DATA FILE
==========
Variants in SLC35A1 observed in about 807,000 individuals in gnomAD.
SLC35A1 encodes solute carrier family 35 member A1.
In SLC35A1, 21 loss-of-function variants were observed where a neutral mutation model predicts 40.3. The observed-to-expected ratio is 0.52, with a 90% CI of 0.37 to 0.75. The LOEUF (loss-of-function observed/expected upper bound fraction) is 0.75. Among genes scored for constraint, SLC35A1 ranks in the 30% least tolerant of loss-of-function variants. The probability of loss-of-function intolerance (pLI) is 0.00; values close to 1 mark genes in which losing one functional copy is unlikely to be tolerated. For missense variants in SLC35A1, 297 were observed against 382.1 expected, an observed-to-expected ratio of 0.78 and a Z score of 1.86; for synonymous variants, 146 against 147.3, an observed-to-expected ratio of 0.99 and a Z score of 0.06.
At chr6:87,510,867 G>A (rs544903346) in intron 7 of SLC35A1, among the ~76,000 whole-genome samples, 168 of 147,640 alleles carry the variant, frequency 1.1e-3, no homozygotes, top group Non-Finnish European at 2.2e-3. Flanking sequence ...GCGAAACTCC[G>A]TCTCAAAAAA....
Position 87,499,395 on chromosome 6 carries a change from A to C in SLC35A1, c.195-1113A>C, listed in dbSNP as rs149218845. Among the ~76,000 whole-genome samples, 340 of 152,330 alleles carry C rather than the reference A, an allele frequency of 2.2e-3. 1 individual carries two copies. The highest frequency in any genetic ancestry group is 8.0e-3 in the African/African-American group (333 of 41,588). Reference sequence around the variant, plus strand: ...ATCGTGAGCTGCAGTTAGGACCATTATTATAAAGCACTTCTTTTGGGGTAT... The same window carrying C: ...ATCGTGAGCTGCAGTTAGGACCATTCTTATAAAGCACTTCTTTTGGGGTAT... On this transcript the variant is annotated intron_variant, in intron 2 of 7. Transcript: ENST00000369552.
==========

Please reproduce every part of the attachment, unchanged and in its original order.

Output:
Variants in SLC35A1 observed in about 807,000 individuals in gnomAD.
SLC35A1 encodes solute carrier family 35 member A1.
In SLC35A1, 21 loss-of-function variants were observed where a neutral mutation model predicts 40.3. The observed-to-expected ratio is 0.52, with a 90% CI of 0.37 to 0.75. The LOEUF (loss-of-function observed/expected upper bound fraction) is 0.75. Among genes scored for constraint, SLC35A1 ranks in the 30% least tolerant of loss-of-function variants. The probability of loss-of-function intolerance (pLI) is 0.00; values close to 1 mark genes in which losing one functional copy is unlikely to be tolerated. For missense variants in SLC35A1, 297 were observed against 382.1 expected, an observed-to-expected ratio of 0.78 and a Z score of 1.86; for synonymous variants, 146 against 147.3, an observed-to-expected ratio of 0.99 and a Z score of 0.06.
At chr6:87,510,867 G>A (rs544903346) in intron 7 of SLC35A1, among the ~76,000 whole-genome samples, 168 of 147,640 alleles carry the variant, frequency 1.1e-3, no homozygotes, top group Non-Finnish European at 2.2e-3. Flanking sequence ...GCGAAACTCC[G>A]TCTCAAAAAA....
Position 87,499,395 on chromosome 6 carries a change from A to C in SLC35A1, c.195-1113A>C, listed in dbSNP as rs149218845. Among the ~76,000 whole-genome samples, 340 of 152,330 alleles carry C rather than the reference A, an allele frequency of 2.2e-3. 1 individual carries two copies. The highest frequency in any genetic ancestry group is 8.0e-3 in the African/African-American group (333 of 41,588). Reference sequence around the variant, plus strand: ...ATCGTGAGCTGCAGTTAGGACCATTATTATAAAGCACTTCTTTTGGGGTAT... The same window carrying C: ...ATCGTGAGCTGCAGTTAGGACCATTCTTATAAAGCACTTCTTTTGGGGTAT... On this transcript the variant is annotated intron_variant, in intron 2 of 7. Transcript: ENST00000369552.